By Rosemary Kate.
Recently, I was invited to attend a Mass of Thanksgiving for Blessed Clelia Merloni, foundress of the Apostles of the Sacred Heart of Jesus. I knew nothing about her, but who doesn’t like attending a special Mass with great pomp and circumstance? Besides, I work in Catholic education and thus have a connection to her community today. The program for Mass had a one page biography, which was nice. More importantly, there was a short book at the back of the Cathedral that I picked up afterwards and have since been reading, titled, “I Bless You with a Hundred Hearts.” I discovered that Blessed Clelia could certainly be another intercessor for Leonie’s Longing readers!
Even her biography on the Apostles of the Sacred Heart of Jesus webpage does not have the details that caught my eye. It merely states,
“After various experiences of religious life in different congregations, Clelia entered the Congregation of the Daughters of St. Mary of Divine Providence…Immersed in a life of self-giving and prayer, she sensed a strong calling to establish a new congregation dedicated to works of charity which would visibly express the love of Christ.”
“Various experiences” refers to short stints (usually less than a year) with 6 different congregations! SIX! For those of us who have entered and left one or two, I imagine Blessed Clelia may have had thoughts similar to our own along the way. In between some of those, she also opened and closed a couple of ministries of her own as a laywoman. The whole time from her first entrance to her founding of the community was about 10 years.
Her life was certainly guided by Divine Providence, because most of her leavings were due to illness. For example, her first attempt was at the Monastery of the Visitation, where she became so ill it seemed she was at the point of death but following a dream that upon reception of Holy Communion she would recover, that is what happened. She still returned home as all advised her to seek a less rigid congregation. Her stint with the Daughters of St. Mary of Divine Providence came to an end after an illness where the orphans prayed for her recovery as a sign that she was indeed called to follow her inspiration of founding a community herself.
Perhaps most of us have not had such unusual guidance in our vocational discernment, yet, her example of perseverance is worthy of emulation. No matter where our vocational journeys lead us (whether as a consecrated religious or into holy matrimony), her life can inspire us to continue to trust God, especially when the path seems unclear. I quote from the book:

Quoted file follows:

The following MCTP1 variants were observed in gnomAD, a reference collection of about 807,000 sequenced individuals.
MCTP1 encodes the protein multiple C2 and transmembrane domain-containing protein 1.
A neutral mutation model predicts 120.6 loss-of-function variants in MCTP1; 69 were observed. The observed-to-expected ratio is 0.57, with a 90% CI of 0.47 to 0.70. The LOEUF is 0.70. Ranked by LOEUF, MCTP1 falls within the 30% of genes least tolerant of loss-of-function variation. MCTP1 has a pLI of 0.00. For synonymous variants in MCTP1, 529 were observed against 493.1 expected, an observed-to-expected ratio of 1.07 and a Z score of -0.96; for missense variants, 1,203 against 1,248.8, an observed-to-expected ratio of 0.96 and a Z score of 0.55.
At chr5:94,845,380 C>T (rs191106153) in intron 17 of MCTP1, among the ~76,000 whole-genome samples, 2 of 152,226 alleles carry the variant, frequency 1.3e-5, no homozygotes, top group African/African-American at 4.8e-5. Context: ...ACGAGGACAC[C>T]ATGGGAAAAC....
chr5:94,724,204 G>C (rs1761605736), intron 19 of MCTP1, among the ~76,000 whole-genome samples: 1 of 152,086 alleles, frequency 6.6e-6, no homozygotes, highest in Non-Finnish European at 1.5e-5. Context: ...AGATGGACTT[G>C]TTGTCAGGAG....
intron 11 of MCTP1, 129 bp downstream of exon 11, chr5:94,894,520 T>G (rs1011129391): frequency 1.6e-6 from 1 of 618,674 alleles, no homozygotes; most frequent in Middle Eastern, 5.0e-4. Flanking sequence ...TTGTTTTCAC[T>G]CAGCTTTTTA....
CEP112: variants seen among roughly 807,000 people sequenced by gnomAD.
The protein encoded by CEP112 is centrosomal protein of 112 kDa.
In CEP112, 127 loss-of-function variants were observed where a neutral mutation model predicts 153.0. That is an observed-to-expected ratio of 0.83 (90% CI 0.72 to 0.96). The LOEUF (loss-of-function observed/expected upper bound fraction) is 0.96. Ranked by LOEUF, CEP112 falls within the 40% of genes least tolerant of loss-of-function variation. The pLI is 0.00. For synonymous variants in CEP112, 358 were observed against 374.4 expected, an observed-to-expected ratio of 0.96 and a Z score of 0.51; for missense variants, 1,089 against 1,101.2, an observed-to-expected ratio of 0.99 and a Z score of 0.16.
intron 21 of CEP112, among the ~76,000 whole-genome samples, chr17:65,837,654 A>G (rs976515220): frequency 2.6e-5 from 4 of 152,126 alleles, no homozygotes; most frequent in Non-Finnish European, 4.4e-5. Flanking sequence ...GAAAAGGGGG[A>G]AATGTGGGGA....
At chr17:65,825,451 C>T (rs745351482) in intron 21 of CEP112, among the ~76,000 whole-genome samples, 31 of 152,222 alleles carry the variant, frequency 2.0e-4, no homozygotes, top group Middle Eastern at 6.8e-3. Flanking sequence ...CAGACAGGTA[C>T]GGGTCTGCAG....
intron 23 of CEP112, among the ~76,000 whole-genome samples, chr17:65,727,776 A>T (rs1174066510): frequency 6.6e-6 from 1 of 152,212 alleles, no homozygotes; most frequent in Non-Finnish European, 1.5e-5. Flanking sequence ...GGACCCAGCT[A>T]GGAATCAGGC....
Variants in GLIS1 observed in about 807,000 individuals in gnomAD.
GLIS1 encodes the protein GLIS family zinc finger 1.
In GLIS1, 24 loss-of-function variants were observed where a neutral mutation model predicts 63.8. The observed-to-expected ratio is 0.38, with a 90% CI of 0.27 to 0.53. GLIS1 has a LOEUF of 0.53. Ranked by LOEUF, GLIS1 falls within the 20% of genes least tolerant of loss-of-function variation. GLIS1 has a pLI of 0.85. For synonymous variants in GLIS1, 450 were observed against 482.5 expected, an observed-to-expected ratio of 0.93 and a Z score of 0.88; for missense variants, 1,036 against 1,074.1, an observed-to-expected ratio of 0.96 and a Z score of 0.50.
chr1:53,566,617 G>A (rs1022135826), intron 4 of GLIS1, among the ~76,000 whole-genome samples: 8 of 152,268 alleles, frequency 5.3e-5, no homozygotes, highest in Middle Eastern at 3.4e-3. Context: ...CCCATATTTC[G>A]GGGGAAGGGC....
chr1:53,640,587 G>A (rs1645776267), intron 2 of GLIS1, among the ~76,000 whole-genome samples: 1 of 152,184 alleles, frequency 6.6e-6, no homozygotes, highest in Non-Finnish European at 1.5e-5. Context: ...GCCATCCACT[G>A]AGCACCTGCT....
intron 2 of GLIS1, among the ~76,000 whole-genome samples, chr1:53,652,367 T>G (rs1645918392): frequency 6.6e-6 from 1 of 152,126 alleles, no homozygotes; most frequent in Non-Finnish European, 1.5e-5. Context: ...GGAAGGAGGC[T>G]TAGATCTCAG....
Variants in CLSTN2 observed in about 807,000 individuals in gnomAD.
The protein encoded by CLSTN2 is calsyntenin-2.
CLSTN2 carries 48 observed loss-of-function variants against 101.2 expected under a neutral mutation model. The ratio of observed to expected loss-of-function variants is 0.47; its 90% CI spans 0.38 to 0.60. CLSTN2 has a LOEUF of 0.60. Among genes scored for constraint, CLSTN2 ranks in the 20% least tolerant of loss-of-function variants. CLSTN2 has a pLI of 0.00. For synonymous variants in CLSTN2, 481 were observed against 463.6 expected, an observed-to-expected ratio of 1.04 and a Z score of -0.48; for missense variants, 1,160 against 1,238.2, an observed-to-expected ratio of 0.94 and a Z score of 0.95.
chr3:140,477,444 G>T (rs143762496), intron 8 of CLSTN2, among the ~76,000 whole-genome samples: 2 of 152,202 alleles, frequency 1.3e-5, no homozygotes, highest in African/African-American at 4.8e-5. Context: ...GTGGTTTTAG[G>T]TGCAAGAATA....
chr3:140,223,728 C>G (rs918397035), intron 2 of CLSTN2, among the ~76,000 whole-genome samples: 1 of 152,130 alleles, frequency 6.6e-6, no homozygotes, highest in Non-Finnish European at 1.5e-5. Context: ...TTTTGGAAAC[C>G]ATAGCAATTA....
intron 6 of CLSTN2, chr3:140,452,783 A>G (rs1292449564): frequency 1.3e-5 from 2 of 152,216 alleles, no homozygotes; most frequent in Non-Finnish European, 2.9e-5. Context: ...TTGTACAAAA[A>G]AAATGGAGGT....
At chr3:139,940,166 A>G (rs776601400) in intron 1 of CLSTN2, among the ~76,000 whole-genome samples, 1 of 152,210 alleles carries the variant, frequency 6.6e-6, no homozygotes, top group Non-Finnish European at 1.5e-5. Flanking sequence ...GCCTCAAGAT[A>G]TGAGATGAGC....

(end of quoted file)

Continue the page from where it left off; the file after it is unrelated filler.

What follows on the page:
It seems that Clelia’s life may have been purified above all by the suffering of obscurity. God tested her faith by immersing her in large part on a path of darkness. Doubt, “a hot-bed of purification,” existed for a long time in Clelia’s heart. As we often see in the lives of saints, she possessed gifts of light, of graces that enlightened the path for others; the ground on which she herself walked, however, was often poorly lit.
Who of us has not felt the same about our own lives? As I continue to seek my next steps, now several years after leaving my community, Blessed Clelia’s life reminds me that I don’t need to have it all figured out yet. In fact, my next steps seem to be taking me further from religious life. Nevertheless, this Blessed has encouraged me to keep moving forward.
After the founding of her community, Blessed Clelia’s trials did not come to an end. I haven’t finished reading the book, but the little I do know already is inspiring. Some of those details are found here. What her story says to all of us is, never give up hope as we trust God and strive to live His Mercy – while the path does not appear straight to us, we are guided by the Hand of our Loving Father.
Blessed Clelia Merloni, Pray for us!
Image credits: By ASCJ.Roma – Own work, CC BY-SA 4.0, https://commons.wikimedia.org/w/index.php?curid=67168692
Would you happen to know where I can get the book you reference? I’d really like to read it.